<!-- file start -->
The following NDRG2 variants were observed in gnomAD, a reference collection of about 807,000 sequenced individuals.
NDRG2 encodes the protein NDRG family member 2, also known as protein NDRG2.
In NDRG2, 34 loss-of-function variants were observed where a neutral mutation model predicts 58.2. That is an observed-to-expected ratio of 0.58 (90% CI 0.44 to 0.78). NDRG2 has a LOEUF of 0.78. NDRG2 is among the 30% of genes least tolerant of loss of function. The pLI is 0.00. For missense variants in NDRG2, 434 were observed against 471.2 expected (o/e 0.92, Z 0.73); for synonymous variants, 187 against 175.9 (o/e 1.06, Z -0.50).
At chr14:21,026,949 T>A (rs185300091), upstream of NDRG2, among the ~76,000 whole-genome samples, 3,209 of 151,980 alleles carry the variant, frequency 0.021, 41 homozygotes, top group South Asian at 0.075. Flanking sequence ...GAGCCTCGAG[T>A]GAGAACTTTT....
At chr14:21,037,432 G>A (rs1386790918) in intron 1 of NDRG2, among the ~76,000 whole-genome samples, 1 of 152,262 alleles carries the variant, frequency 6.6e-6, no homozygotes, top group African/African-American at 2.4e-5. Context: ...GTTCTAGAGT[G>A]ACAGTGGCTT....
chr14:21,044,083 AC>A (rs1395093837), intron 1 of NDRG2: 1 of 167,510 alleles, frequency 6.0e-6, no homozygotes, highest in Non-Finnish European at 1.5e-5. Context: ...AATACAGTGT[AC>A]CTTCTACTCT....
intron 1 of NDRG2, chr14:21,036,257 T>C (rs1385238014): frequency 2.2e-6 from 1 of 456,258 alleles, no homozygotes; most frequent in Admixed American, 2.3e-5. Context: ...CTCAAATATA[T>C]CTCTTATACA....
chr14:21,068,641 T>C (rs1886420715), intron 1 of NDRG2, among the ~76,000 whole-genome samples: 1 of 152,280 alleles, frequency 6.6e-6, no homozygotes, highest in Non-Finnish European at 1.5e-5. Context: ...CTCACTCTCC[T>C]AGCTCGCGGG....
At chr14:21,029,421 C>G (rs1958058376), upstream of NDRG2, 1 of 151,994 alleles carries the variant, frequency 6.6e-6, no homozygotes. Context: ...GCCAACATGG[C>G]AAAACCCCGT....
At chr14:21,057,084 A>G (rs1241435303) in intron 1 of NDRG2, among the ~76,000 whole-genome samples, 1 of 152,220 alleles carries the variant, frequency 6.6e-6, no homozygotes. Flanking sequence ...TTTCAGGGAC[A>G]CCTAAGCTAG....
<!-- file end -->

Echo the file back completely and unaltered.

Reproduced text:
The following NDRG2 variants were observed in gnomAD, a reference collection of about 807,000 sequenced individuals.
NDRG2 encodes the protein NDRG family member 2, also known as protein NDRG2.
In NDRG2, 34 loss-of-function variants were observed where a neutral mutation model predicts 58.2. That is an observed-to-expected ratio of 0.58 (90% CI 0.44 to 0.78). NDRG2 has a LOEUF of 0.78. NDRG2 is among the 30% of genes least tolerant of loss of function. The pLI is 0.00. For missense variants in NDRG2, 434 were observed against 471.2 expected (o/e 0.92, Z 0.73); for synonymous variants, 187 against 175.9 (o/e 1.06, Z -0.50).
At chr14:21,026,949 T>A (rs185300091), upstream of NDRG2, among the ~76,000 whole-genome samples, 3,209 of 151,980 alleles carry the variant, frequency 0.021, 41 homozygotes, top group South Asian at 0.075. Flanking sequence ...GAGCCTCGAG[T>A]GAGAACTTTT....
At chr14:21,037,432 G>A (rs1386790918) in intron 1 of NDRG2, among the ~76,000 whole-genome samples, 1 of 152,262 alleles carries the variant, frequency 6.6e-6, no homozygotes, top group African/African-American at 2.4e-5. Context: ...GTTCTAGAGT[G>A]ACAGTGGCTT....
chr14:21,044,083 AC>A (rs1395093837), intron 1 of NDRG2: 1 of 167,510 alleles, frequency 6.0e-6, no homozygotes, highest in Non-Finnish European at 1.5e-5. Context: ...AATACAGTGT[AC>A]CTTCTACTCT....
intron 1 of NDRG2, chr14:21,036,257 T>C (rs1385238014): frequency 2.2e-6 from 1 of 456,258 alleles, no homozygotes; most frequent in Admixed American, 2.3e-5. Context: ...CTCAAATATA[T>C]CTCTTATACA....
chr14:21,068,641 T>C (rs1886420715), intron 1 of NDRG2, among the ~76,000 whole-genome samples: 1 of 152,280 alleles, frequency 6.6e-6, no homozygotes, highest in Non-Finnish European at 1.5e-5. Context: ...CTCACTCTCC[T>C]AGCTCGCGGG....
At chr14:21,029,421 C>G (rs1958058376), upstream of NDRG2, 1 of 151,994 alleles carries the variant, frequency 6.6e-6, no homozygotes. Context: ...GCCAACATGG[C>G]AAAACCCCGT....
At chr14:21,057,084 A>G (rs1241435303) in intron 1 of NDRG2, among the ~76,000 whole-genome samples, 1 of 152,220 alleles carries the variant, frequency 6.6e-6, no homozygotes. Flanking sequence ...TTTCAGGGAC[A>G]CCTAAGCTAG....